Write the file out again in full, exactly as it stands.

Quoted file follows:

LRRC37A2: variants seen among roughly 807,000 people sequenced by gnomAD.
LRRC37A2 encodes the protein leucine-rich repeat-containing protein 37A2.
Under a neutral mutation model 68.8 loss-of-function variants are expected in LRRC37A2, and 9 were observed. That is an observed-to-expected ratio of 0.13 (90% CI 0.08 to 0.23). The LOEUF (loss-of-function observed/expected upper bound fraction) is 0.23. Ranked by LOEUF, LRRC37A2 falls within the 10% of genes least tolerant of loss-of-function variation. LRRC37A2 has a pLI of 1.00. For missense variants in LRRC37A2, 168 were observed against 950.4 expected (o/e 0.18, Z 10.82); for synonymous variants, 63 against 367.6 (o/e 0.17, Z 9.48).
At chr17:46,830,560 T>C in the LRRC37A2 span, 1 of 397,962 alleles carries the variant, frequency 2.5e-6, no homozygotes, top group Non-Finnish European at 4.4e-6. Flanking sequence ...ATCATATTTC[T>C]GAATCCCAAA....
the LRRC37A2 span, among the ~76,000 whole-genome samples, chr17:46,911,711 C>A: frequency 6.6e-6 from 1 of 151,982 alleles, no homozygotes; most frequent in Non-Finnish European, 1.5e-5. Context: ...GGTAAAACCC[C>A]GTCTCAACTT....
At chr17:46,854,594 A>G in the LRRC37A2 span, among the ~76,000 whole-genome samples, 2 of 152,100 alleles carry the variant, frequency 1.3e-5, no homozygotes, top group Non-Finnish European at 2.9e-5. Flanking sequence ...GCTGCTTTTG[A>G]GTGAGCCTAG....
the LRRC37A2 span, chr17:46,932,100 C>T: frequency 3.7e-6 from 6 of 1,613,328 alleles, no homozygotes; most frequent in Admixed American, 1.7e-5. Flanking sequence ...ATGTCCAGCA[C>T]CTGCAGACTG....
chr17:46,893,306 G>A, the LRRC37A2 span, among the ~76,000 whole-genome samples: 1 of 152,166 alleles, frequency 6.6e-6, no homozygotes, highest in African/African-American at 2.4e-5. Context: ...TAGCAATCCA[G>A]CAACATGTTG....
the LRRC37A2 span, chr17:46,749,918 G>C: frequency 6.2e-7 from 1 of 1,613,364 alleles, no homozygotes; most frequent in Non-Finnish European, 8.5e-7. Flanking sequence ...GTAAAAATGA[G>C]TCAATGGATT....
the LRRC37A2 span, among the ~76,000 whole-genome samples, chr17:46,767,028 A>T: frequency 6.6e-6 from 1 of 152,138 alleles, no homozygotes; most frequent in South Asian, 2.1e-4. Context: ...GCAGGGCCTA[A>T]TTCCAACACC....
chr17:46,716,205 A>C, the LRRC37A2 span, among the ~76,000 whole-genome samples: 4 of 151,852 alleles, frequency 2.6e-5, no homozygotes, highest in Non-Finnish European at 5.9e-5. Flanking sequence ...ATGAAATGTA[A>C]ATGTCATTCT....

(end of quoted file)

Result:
LRRC37A2: variants seen among roughly 807,000 people sequenced by gnomAD.
LRRC37A2 encodes the protein leucine-rich repeat-containing protein 37A2.
Under a neutral mutation model 68.8 loss-of-function variants are expected in LRRC37A2, and 9 were observed. That is an observed-to-expected ratio of 0.13 (90% CI 0.08 to 0.23). The LOEUF (loss-of-function observed/expected upper bound fraction) is 0.23. Ranked by LOEUF, LRRC37A2 falls within the 10% of genes least tolerant of loss-of-function variation. LRRC37A2 has a pLI of 1.00. For missense variants in LRRC37A2, 168 were observed against 950.4 expected (o/e 0.18, Z 10.82); for synonymous variants, 63 against 367.6 (o/e 0.17, Z 9.48).
At chr17:46,830,560 T>C in the LRRC37A2 span, 1 of 397,962 alleles carries the variant, frequency 2.5e-6, no homozygotes, top group Non-Finnish European at 4.4e-6. Flanking sequence ...ATCATATTTC[T>C]GAATCCCAAA....
the LRRC37A2 span, among the ~76,000 whole-genome samples, chr17:46,911,711 C>A: frequency 6.6e-6 from 1 of 151,982 alleles, no homozygotes; most frequent in Non-Finnish European, 1.5e-5. Context: ...GGTAAAACCC[C>A]GTCTCAACTT....
At chr17:46,854,594 A>G in the LRRC37A2 span, among the ~76,000 whole-genome samples, 2 of 152,100 alleles carry the variant, frequency 1.3e-5, no homozygotes, top group Non-Finnish European at 2.9e-5. Flanking sequence ...GCTGCTTTTG[A>G]GTGAGCCTAG....
the LRRC37A2 span, chr17:46,932,100 C>T: frequency 3.7e-6 from 6 of 1,613,328 alleles, no homozygotes; most frequent in Admixed American, 1.7e-5. Flanking sequence ...ATGTCCAGCA[C>T]CTGCAGACTG....
chr17:46,893,306 G>A, the LRRC37A2 span, among the ~76,000 whole-genome samples: 1 of 152,166 alleles, frequency 6.6e-6, no homozygotes, highest in African/African-American at 2.4e-5. Context: ...TAGCAATCCA[G>A]CAACATGTTG....
the LRRC37A2 span, chr17:46,749,918 G>C: frequency 6.2e-7 from 1 of 1,613,364 alleles, no homozygotes; most frequent in Non-Finnish European, 8.5e-7. Flanking sequence ...GTAAAAATGA[G>C]TCAATGGATT....
the LRRC37A2 span, among the ~76,000 whole-genome samples, chr17:46,767,028 A>T: frequency 6.6e-6 from 1 of 152,138 alleles, no homozygotes; most frequent in South Asian, 2.1e-4. Context: ...GCAGGGCCTA[A>T]TTCCAACACC....
chr17:46,716,205 A>C, the LRRC37A2 span, among the ~76,000 whole-genome samples: 4 of 151,852 alleles, frequency 2.6e-5, no homozygotes, highest in Non-Finnish European at 5.9e-5. Flanking sequence ...ATGAAATGTA[A>C]ATGTCATTCT....